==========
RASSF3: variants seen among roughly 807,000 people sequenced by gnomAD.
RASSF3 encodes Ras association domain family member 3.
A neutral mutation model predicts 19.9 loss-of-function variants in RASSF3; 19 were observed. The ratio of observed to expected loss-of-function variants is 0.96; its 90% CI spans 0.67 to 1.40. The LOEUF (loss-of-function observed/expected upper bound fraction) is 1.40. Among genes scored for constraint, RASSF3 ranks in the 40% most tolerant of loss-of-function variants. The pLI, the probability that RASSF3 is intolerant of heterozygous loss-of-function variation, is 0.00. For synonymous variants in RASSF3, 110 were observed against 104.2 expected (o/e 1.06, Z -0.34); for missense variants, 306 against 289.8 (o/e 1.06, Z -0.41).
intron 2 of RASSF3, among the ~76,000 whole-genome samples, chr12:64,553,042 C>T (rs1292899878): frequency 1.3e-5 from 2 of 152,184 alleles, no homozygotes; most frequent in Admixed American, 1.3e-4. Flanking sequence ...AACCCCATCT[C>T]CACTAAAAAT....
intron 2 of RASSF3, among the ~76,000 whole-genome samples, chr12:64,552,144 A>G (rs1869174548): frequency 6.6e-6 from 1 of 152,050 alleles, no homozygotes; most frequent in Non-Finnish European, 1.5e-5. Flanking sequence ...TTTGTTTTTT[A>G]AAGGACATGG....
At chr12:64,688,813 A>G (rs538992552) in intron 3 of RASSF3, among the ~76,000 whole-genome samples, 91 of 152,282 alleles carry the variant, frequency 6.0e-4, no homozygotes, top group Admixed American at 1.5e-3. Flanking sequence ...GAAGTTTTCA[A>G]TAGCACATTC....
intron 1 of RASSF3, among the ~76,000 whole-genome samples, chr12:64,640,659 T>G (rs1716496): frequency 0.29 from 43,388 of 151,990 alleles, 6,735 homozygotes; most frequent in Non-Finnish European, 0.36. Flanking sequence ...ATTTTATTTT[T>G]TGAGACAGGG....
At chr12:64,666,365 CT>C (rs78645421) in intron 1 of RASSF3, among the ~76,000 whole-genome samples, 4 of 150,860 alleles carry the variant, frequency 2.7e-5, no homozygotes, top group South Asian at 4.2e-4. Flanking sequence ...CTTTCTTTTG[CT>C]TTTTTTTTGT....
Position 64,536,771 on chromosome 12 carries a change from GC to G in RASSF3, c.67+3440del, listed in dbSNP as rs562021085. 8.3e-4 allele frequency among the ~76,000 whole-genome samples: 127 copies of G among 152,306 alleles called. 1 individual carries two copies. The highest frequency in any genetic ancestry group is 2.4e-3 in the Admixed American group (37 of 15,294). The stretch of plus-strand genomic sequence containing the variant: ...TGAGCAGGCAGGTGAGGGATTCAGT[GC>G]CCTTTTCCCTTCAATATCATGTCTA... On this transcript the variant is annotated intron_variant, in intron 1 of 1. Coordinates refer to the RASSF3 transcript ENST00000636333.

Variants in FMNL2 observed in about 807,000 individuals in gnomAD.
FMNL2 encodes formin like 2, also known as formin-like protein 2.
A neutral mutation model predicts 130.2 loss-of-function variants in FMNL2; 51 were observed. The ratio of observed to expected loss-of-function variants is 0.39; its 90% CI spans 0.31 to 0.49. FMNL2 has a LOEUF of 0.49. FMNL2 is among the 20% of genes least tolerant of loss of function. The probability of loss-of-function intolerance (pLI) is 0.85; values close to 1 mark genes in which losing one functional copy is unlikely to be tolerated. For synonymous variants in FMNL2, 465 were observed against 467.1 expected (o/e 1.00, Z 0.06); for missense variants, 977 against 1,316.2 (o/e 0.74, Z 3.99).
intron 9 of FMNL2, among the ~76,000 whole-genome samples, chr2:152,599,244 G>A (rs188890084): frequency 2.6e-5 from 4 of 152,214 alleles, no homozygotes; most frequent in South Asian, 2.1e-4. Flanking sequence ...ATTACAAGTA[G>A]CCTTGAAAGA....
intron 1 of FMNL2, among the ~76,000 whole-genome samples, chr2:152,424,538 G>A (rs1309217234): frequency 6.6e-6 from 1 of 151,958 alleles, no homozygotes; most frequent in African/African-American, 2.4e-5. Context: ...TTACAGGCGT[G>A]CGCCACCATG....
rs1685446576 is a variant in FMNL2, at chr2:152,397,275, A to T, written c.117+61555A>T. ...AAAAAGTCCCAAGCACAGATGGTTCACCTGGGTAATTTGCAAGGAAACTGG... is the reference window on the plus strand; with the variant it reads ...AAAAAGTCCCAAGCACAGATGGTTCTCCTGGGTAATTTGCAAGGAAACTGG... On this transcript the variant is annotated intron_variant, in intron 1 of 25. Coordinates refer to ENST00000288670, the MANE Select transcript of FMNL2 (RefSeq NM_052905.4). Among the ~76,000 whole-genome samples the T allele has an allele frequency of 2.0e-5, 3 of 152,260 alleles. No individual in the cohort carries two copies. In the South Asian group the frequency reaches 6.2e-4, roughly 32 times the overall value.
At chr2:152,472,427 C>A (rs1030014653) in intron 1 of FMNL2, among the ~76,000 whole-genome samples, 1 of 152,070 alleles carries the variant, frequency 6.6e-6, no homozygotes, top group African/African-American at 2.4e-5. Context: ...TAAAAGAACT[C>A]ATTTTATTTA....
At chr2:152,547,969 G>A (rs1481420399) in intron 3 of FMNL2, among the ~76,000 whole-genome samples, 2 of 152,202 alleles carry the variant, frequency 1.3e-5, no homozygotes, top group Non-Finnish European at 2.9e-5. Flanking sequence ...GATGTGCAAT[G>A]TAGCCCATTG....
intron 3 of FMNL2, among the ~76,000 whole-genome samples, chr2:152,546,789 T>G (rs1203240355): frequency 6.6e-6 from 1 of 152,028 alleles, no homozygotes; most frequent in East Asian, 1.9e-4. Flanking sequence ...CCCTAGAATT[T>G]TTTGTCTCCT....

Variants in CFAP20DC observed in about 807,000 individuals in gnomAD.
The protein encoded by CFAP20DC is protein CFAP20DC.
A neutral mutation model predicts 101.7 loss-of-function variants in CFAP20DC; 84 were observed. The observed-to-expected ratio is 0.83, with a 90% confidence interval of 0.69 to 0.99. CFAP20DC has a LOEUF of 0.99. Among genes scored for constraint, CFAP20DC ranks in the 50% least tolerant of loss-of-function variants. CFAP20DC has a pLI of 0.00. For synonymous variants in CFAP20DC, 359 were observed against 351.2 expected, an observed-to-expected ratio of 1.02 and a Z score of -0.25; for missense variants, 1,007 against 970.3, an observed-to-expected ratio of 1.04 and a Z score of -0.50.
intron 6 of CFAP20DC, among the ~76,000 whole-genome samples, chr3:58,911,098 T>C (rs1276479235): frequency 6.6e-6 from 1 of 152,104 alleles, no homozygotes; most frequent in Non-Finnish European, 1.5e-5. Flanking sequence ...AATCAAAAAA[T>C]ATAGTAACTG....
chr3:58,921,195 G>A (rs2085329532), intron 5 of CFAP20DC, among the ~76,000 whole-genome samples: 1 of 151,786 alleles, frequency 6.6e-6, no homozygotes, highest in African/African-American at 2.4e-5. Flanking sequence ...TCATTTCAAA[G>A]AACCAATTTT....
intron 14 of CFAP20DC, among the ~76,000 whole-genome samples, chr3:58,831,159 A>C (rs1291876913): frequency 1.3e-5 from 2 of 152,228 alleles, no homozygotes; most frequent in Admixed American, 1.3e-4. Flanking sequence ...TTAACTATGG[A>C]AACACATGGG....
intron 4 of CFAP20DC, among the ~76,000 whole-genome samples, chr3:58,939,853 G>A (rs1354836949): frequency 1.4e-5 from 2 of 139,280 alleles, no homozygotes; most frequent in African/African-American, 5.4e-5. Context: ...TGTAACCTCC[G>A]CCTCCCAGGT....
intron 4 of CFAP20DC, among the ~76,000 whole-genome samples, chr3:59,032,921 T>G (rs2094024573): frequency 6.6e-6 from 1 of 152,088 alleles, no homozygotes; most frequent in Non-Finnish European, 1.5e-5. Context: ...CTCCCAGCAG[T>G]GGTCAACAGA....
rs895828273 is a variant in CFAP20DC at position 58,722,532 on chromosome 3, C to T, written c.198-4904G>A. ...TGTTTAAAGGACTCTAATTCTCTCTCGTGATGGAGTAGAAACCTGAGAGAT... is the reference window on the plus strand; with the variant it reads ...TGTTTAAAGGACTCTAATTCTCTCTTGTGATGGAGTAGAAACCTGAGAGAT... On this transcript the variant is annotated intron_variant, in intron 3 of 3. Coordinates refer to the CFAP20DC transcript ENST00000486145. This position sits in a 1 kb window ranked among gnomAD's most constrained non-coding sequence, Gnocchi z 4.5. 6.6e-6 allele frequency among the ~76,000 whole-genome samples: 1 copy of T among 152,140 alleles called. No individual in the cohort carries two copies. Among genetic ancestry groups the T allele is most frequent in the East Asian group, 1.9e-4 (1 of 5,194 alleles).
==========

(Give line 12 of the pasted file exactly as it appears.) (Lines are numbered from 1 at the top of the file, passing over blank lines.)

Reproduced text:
A neutral mutation model predicts 130.2 loss-of-function variants in FMNL2; 51 were observed. The ratio of observed to expected loss-of-function variants is 0.39; its 90% CI spans 0.31 to 0.49. FMNL2 has a LOEUF of 0.49. FMNL2 is among the 20% of genes least tolerant of loss of function. The probability of loss-of-function intolerance (pLI) is 0.85; values close to 1 mark genes in which losing one functional copy is unlikely to be tolerated. For synonymous variants in FMNL2, 465 were observed against 467.1 expected (o/e 1.00, Z 0.06); for missense variants, 977 against 1,316.2 (o/e 0.74, Z 3.99).